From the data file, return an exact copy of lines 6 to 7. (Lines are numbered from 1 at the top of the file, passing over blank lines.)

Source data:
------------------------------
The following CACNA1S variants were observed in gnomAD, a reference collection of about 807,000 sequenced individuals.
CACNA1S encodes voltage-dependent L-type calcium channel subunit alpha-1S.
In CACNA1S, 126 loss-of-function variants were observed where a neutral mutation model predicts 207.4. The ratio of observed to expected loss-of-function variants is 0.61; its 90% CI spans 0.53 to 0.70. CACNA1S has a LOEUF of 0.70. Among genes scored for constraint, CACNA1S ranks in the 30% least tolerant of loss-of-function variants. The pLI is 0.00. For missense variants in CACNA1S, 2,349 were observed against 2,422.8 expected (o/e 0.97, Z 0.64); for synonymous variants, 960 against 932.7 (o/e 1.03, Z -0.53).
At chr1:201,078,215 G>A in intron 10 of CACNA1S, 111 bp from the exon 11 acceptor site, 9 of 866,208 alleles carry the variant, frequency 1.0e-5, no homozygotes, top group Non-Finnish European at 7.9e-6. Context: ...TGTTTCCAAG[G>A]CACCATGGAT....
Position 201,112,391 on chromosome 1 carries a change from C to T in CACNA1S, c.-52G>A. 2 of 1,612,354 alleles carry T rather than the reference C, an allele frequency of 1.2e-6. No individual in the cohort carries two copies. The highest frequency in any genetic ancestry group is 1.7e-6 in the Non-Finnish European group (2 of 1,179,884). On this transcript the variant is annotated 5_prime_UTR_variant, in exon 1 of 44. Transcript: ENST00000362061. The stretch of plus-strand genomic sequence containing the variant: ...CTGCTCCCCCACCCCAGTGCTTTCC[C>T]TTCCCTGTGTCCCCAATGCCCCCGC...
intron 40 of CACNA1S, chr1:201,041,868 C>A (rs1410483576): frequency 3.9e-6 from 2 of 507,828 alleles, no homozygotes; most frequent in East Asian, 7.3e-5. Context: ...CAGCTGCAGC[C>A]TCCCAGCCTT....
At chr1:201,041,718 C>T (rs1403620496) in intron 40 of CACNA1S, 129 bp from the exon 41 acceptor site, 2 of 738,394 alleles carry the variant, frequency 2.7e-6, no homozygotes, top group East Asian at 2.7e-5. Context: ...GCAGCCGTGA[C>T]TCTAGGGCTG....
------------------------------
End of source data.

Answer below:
intron 40 of CACNA1S, chr1:201,041,868 C>A (rs1410483576): frequency 3.9e-6 from 2 of 507,828 alleles, no homozygotes; most frequent in East Asian, 7.3e-5. Context: ...CAGCTGCAGC[C>A]TCCCAGCCTT....
At chr1:201,041,718 C>T (rs1403620496) in intron 40 of CACNA1S, 129 bp from the exon 41 acceptor site, 2 of 738,394 alleles carry the variant, frequency 2.7e-6, no homozygotes, top group East Asian at 2.7e-5. Context: ...GCAGCCGTGA[C>T]TCTAGGGCTG....